It's a little spicy if you choose hot chiles, so this is best served with a cerveza, parked at a window while the snow comes down.

Green Chile Stew with Potatoes

Serves 4

1 1/2 cups green chiles or poblano chiles, roasted, peeled, and diced
1 tablespoon grapeseed oil or other vegetable oil
1 small onion, diced
1 teaspoon teaspoon ground coriander
1/2 teaspoon teaspoon ground cumin
1 garlic clove, minced
4 medium Russet potatoes peeled and chopped into 1 1/2-inch chunks
Salt and pepper
2 cups vegetable stock or water
Sour cream (or Greek yogurt), chopped cilantro, and lime wedges for serving

Heat the oil in a wide pot; add the onion and cook over medium-low heat, stirring frequently until softened, about 4 minutes. Add the coriander, cumin, garlic, and potatoes, followed by the chile, along with 1/2 teaspoon salt and give a stir. Cook together of a few minutes, then add the water or stock. Bring to a boil, then lower the heat to a simmer.
Cook and cover until the potatoes are completely softened, about 25 minutes. Taste and season with salt and pepper. At this point you can mash the potatoes, or at least a few of them to give the stew a thicker texture, if desired.

Pour into a bowl; add a dollop of sour cream and the chopped cilantro and squeeze lime over the top.

09 December 2016

12 Days of holiday Inspiration, the non-Pinterest edition

I keep getting this post popping up on my Pinterest page as something I might like: "12 Days of DIY Craft and Decor Ideas". Have any of you seen this?  It has some pretty serious bullshit on there, like making your own printable board games, templates for letters to Santa, and holiday pet photos. Given that my pins are dominated by abstract art, photos of cats falling into things or misusing furniture, and graphic tees with swear words on them, I really don't know what the Pinterest bot was thinking. But OK, challenge accepted.  I have come up with my own 12 days of blah blah blah, but I think mine are way easier to maintain. You know what? We're all busy.  Let's be overachievers and get it done in six.

1. Have some people over for wine and snacks.  Roast some packaged gnocchi for the snack.
2. Plan your wintry dream vacation for after the holidays.
3. Make some big batches of soup and freeze or can for later.
4. Get some eggnog (the pumpkin spice of December) and make some drinks!
5. Infuse some vodka and get rid of that chemical-flavored shit in your cupboard (also a great gift idea for your alcoholic friends).
6. Make this insanely good orzo casserole for brunch, with or without friends.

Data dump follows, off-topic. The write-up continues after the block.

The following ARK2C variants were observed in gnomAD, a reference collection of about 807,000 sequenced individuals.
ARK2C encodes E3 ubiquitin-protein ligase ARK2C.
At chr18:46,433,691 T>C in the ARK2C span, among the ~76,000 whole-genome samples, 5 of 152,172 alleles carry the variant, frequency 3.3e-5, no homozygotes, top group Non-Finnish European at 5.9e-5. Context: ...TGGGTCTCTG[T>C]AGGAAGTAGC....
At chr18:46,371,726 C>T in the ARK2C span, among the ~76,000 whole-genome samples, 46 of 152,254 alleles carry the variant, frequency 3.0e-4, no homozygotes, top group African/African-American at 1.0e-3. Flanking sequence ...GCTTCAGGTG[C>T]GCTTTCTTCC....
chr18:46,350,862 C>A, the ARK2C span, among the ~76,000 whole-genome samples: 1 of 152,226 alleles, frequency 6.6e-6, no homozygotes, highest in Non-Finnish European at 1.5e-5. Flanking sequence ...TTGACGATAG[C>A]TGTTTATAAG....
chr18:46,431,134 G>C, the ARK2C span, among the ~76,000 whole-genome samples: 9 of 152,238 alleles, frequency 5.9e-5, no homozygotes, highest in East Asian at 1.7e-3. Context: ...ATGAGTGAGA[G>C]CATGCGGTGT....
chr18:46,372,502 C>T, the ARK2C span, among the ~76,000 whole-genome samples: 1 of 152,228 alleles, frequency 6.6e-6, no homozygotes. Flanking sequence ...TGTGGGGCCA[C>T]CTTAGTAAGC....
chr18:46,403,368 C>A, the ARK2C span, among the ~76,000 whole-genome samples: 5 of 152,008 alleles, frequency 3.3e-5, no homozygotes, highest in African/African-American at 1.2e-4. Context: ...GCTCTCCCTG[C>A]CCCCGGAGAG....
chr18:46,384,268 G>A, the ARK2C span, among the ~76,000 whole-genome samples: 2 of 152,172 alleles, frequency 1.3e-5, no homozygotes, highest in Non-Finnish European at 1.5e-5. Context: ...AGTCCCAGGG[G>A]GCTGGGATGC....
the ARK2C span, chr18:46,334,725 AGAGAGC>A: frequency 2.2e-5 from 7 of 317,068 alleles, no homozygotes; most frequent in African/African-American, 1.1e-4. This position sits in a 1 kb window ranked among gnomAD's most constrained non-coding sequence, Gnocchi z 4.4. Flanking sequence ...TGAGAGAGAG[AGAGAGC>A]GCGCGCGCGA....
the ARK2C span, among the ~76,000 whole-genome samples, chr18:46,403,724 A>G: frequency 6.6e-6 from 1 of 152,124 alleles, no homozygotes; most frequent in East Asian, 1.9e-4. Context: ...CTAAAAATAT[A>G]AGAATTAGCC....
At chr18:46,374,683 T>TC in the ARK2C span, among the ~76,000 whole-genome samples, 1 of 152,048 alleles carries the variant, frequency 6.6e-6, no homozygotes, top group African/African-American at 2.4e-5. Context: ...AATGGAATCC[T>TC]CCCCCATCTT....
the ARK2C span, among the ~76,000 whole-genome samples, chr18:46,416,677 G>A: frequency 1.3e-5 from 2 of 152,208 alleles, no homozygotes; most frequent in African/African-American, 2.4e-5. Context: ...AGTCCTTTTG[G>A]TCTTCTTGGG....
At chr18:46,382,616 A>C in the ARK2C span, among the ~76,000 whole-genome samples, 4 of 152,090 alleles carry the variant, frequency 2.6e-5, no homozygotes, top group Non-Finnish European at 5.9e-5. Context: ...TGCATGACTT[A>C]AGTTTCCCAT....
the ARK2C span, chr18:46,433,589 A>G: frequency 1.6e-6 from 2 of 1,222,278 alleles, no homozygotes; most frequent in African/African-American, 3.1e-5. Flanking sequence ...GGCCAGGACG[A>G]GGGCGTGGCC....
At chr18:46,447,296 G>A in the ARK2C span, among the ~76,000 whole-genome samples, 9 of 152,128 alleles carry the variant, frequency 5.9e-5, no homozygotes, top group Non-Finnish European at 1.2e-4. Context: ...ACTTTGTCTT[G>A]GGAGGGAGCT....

You can drink on the rest of the days until Christmas. 

02 December 2016

Ode to Japchae

Because it's cold, and noodles...but it's only an "ode" because I like to add gojuchang and can't usually find sweet potato noodles at my local store. Sorry to the purists out there!

Ode to Japchae

Serves 4

1/4 cup soy sauce low sodium, or tamari
1-2 gojuchang
1 cup firm tofu diced, (7 ounces)
8 ounces sweet potato starch noodles or bean thread noodles
4 ounces spinach fresh
1 tablespoon vegetable oil
1 cup yellow onion thinly sliced
2 cloves garlic minced
6 shiitake mushrooms stems removed and thinly sliced
1/2 cup carrots shredded
2 scallion stalks cut into 1-inch pieces
1 1/2 teaspoons Sesame oil
1 teaspoon sesame seeds

In a medium sized bowl whisk together soy sauce and gojuchang. Add in tofu, gently stir to coat and allow to marinate while you prepare other ingredients.

Bring a large pot of water to boil, enough to fit the noodles. Cook noodles in boiling water for 5 minutes. Do not discard water. You will use it for blanching the spinach. Use tongs to transfer to a colander and rinse noodles under cool running water. Cut the noodles into 6-inch long pieces with scissors. Set aside.

Blanch spinach in the same pot of water that you cooked the noodles for 1 minute, until wilted. Drain the water and rinse under cold running water. Roll spinach into a ball and squeeze out excess water. Use a knife to cut the spinach ball in half. Set aside.

Heat a large saute pan over medium-high heat. Add 1 tablespoon oil and allow to heat up. Add onion, garlic, mushrooms, and carrot, saute for 2 minutes. Add scallion and saute 1 minute. Add tofu and cook 1 minute to warm (do not discard sauce). Turn heat to low and add noodles, spinach, sesame oil and sauce. Gently stir to combine until noodles are coated with the sauce. Serve topped with sesame seeds.